A City Dweller's Guide To Going Green

Written by Scott Bay
A City Dweller's Guide To Going Green

Photo by Davide Illini

When I first moved to a city, it was difficult to keep up with some of the green habits I'd developed in the 'burbs. After all, it is easier to get outside and form a meaningful bond with nature when you're surrounded by greenery as opposed to concrete. The lifestyle change was drastic, but eventually I found ways to implement more environmentally friendly practices in my daily city routine. And I didn't have to overhaul my life in the process, either. Here's how:

1. Make your apartment as energy efficient as possible.

If you want to be more environmentally friendly, start at home. After all, that's where we typically spend more than a third of our lives—and it’s an area we have nearly complete control over.

If you're renting or living somewhere temporarily, making small tweaks like installing a smart thermostat that regulates the temperature of your home (whether you’re there or not) is a great way to be a little more energy efficient. Replacing incandescent light bulbs with LEDs and unplugging chargers/electronics when they aren’t in use can also add up to big resource savings and extra cash in your pocket. Energy Star predicts that the average U.S. household could save more than $100 a year by unplugging devices when they're turned off.

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2. Commute smarter.

More and more cities around the United States are starting to offer bike share programs where users can check out a bike at one station and ride it to another one closer to where they’re going. Besides being eco-friendly, riding a bike is a great way to get in some exercise. You’ll also save money since you won’t have to worry about buying and maintaining your own bicycle.

If biking isn’t an option, make an effort to use your city’s public transit instead. Or if you need to drive your own car, try chaining trips together to reduce the amount you’re on the road (or stuck in city traffic).

3. Resist takeout.

You've probably heard it time and time again, but the amount of unnecessary trash you can save by carrying around reusable bottles and bags is astonishing. This rings especially true if you live in a city. Use a reusable container to store your lunch, and pick up a reusable mug to save coffee cups from getting tossed into the landfill. I've found that bringing my reusable mug to my neighborhood cafe is just as easy, plus it gives you an excuse to make friends with the baristas and get 50 cents off your coffee.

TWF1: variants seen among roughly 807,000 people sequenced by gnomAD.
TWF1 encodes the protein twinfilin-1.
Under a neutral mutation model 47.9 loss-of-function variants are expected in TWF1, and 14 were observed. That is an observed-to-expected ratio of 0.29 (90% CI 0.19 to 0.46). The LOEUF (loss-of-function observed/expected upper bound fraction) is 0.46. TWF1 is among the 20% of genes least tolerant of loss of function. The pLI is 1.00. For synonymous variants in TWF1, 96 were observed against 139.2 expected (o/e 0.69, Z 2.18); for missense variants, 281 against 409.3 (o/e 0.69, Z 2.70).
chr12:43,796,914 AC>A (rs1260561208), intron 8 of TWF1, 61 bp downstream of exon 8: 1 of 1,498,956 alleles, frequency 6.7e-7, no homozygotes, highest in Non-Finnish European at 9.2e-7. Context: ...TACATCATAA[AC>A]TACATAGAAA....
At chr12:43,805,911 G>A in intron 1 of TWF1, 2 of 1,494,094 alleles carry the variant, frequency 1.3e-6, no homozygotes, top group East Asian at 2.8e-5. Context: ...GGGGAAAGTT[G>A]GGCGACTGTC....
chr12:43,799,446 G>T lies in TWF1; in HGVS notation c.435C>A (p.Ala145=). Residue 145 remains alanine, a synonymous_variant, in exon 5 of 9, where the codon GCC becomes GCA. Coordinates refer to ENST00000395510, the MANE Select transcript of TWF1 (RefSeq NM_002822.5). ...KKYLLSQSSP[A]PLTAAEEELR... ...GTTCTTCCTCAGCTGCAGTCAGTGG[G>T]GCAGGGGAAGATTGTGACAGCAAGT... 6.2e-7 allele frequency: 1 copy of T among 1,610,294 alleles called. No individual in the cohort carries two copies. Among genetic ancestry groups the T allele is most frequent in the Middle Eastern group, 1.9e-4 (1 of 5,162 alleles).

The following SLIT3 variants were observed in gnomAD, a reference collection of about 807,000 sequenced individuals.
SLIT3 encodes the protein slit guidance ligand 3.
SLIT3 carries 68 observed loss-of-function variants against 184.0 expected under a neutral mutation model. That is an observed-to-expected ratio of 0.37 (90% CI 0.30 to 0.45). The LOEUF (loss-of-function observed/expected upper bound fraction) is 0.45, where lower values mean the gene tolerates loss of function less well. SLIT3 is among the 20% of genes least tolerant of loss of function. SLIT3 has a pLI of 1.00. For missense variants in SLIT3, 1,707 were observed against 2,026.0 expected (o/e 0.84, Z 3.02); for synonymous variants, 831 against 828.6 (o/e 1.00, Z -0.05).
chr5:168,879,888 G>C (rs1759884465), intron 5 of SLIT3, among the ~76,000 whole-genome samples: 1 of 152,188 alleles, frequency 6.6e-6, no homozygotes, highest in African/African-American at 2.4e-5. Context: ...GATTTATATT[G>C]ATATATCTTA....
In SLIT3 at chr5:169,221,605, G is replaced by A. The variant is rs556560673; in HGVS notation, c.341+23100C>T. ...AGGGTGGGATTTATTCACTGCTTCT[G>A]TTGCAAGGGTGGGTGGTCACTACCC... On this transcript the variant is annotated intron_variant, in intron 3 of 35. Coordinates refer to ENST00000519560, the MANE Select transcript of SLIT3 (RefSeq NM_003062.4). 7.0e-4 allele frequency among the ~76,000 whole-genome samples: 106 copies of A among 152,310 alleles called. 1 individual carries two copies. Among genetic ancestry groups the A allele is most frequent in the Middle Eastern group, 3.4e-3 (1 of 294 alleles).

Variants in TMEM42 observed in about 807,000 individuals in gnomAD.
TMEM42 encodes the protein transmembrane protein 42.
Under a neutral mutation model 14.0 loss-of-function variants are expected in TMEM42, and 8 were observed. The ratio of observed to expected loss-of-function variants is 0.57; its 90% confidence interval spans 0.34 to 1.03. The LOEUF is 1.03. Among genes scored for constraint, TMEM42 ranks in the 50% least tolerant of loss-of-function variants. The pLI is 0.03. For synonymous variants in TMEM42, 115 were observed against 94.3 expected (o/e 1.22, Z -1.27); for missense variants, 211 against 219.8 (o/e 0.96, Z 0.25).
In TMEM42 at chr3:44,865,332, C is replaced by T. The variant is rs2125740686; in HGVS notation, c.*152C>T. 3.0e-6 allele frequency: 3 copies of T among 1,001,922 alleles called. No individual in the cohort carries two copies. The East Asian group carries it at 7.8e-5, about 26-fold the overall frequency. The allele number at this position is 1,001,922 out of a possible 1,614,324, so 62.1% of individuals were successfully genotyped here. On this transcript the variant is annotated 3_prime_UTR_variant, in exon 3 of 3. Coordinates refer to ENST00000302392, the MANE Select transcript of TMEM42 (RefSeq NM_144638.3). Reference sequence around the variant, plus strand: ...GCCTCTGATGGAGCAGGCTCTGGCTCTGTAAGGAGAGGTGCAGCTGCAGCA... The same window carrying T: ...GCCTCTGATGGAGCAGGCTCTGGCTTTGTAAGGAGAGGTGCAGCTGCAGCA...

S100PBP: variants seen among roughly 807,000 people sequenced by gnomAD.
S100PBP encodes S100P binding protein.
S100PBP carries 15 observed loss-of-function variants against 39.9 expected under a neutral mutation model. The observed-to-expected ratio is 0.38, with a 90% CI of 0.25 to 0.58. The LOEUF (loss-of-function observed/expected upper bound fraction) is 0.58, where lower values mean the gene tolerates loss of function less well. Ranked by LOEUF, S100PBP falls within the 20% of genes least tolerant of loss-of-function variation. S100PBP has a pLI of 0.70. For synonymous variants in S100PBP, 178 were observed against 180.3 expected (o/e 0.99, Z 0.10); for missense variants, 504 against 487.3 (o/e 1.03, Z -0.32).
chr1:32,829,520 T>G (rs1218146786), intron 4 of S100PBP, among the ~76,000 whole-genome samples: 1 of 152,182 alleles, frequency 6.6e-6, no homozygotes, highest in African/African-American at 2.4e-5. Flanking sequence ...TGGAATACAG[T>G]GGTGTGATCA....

If you tend to go out for lunch with co-workers, even something as small as skipping the straw for your soft drink can do a lot for the environment. It’s estimated that 500 million straws are used in the United States every day, and many of them end up in landfills, waterways, or the ocean.

Stash a canvas bag in your purse or computer bag, too, so that if you have to run to the grocery store after work, you won’t need to use a plastic or paper one. A little planning ahead can go a long way when you’re trying to go green.

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4. Grow a garden.

A garden can be anything from a few tomato plants to a variety of herbs, and you don’t even need a ton of space to start yours. Growing a few veggies or herbs gives you access to the freshest food available and helps you reduce waste because you won’t have to buy food wrapped in excessive packaging.

If you don’t have space for a personal patio or windowsill garden, many cities have community gardens. For a fee, you’ll get a small plot of land to grow whatever you’d like. It’s a wonderful way to spend some time outside and get to know some of your neighbors.

5. Investigate your local food scene.

If you can’t grow your own food, buying seasonally and locally is the next best thing. You’ll help the local economy, support farmers, and reduce your carbon footprint because your food will come from the next town over instead of halfway around the world. Check out a seasonal food guide to see what’s fresh near you, or join a local CSA and they'll do the choosing for you.

Many cities in the United States now host farmers year-round, or at least in the spring and summer months. Attending them is an easy and fun way to ensure that what you’re buying is truly local. Plus, it's a chance to connect with the farmers and like-minded people doing their best to live green.

Ready to learn how to fight inflammation and address autoimmune disease through the power of food? Join our 5-Day Inflammation Video Summit with mindbodygreen’s top doctors.

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